Written by Jack Zhong
Edited by Josephine McGowan
Cars are an essential part of modern American life. Yet, unfortunately, they are also one of the primary sources of pollution that contributes to climate change. As a result, manufacturers have begun to introduce more fuel-efficient cars and electric cars. Electric cars ingeniously utilize battery power or other forms of electrical energy as fuel, rather than the quickly depleting and environmentally harmful fossil fuels. However, the adoption of the electric car as a consumer norm has not caught on as quickly as expected. Customers who consider buying electric cars are still wary of the potential limitations of electric cars. For instance, many consumers worry about the limited driving range of electric cars and the charging time. Indeed, public charging stations are not readily available in many areas across the country, and the charging jacks provided do not always match. If one were to “run out of juice” in an electric car in a remote area, it would be very difficult to resolve this situation.
As a result, customers also tend to purchase what they view as the “safer” alternatives of hybrids or diesel vehicles. For instance, the Toyota Prius (Figure 1) is one popular hybrid model, but many other models are now available. These alternatives are attractive to buyers concerned about the environment because diesel and hybrid vehicles have better gas mileage than their conventional gasoline burning cars. In addition, unlike electric cars, both diesel and hybrid vehicles can be easily refilled at the gas station. Further, consumers believe gasoline cars have better performance in handling and acceleration. However, despite these views, it is undeniable that electric cars offer many environmental and performance advantages that should far outweigh the inconveniences.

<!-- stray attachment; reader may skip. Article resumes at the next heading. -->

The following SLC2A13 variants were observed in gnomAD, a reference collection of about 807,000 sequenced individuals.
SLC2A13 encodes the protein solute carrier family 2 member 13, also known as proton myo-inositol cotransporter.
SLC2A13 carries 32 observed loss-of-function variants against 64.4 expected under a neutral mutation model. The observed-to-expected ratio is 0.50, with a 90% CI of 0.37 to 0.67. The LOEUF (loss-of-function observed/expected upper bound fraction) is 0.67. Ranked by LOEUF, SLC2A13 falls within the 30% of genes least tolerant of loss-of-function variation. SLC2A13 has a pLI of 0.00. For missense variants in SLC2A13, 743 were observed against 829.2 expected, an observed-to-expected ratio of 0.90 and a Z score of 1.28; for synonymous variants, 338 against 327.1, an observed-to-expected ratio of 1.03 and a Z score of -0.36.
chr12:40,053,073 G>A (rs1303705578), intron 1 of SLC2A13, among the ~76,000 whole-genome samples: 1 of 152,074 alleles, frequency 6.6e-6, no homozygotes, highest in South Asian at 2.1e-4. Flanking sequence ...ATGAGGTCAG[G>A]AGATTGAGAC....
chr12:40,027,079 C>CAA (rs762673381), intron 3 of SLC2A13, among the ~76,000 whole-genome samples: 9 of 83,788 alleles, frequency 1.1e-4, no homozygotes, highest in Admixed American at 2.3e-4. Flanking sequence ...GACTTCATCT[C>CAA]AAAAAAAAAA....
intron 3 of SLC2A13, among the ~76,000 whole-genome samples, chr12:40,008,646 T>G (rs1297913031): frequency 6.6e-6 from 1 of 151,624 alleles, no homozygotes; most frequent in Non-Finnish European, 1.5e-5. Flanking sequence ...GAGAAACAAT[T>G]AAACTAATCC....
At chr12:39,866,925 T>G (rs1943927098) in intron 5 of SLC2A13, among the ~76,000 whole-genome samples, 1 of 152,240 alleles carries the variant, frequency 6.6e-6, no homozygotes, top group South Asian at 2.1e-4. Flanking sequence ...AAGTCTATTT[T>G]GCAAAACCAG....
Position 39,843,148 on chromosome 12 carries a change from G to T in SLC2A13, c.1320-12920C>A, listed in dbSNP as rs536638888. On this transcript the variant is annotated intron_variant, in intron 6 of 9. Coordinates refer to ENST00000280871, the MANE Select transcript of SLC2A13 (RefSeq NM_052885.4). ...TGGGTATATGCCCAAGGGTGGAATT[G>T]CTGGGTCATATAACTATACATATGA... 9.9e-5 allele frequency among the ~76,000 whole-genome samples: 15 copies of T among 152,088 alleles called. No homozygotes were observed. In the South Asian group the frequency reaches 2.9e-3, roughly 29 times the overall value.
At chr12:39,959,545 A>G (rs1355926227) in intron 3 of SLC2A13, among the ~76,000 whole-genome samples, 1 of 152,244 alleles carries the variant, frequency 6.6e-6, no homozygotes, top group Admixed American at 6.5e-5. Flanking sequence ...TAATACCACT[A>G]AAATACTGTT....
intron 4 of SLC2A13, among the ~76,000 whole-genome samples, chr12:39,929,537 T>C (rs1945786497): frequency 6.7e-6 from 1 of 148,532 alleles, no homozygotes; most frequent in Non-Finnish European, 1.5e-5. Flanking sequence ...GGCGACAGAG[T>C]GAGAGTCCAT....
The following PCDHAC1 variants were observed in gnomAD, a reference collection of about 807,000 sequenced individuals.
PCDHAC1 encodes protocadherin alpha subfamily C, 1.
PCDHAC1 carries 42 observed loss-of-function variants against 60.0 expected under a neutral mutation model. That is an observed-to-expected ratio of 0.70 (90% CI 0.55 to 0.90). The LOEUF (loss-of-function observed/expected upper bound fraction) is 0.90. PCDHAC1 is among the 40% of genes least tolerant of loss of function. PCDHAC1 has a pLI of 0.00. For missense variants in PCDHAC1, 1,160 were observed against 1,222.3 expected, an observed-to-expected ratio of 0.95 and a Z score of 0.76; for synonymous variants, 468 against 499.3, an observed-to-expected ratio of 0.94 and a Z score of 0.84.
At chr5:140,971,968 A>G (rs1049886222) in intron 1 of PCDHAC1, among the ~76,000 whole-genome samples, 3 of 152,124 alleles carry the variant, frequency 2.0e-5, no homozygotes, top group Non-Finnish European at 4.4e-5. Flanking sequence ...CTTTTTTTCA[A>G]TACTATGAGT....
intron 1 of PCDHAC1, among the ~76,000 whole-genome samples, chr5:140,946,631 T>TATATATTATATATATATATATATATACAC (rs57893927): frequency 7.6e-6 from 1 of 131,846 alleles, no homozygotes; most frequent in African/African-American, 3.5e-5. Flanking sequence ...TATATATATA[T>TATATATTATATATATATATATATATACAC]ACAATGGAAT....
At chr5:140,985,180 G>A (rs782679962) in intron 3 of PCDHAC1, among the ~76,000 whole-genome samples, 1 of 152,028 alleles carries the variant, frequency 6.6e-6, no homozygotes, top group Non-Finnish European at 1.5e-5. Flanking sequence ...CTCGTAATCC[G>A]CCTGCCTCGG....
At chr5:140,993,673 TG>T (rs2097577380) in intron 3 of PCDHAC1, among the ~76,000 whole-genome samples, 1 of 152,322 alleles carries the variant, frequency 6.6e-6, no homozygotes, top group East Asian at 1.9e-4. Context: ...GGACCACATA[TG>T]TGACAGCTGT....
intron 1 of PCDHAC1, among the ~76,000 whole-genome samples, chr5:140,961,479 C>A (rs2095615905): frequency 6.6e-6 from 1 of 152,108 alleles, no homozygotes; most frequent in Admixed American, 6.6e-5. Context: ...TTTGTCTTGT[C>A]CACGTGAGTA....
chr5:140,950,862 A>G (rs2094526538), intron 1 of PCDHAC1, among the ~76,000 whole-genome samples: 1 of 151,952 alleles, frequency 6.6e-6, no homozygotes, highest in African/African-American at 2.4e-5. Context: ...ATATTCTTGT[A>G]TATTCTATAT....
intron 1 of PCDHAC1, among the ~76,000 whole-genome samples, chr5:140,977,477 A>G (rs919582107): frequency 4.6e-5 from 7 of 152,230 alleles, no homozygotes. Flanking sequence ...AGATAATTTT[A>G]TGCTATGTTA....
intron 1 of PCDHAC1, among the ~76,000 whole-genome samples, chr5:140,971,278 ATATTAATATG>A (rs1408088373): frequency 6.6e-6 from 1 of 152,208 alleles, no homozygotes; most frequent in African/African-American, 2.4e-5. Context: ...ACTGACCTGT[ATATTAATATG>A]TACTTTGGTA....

Though the evidence of the environmental advantages of electric cars is strong, many consumers believe electric cars impacts are not as innovative as they are made out to be. The argument goes: “even if the car itself does not produce emissions, the electricity to power the car comes from coal and gasoline burning plants; we are still destroying the environment with greenhouse emissions.” Yet, this argument fails to acknowledge that although the electric energy does come from a power plant, a power plant is much more efficient than a car’s engine in burning and extracting the gasoline’s energy. The gasoline car engine loses a lot of energy in the form of heat in the process of burning gas to drive the pistons. The power plants that generate electricity for electric cars also burn gas. Yet, the large turbines of the electric power plants waste less heat, and secondary heat sinks at the powerplant collect “extra” heat that is reused for power generation.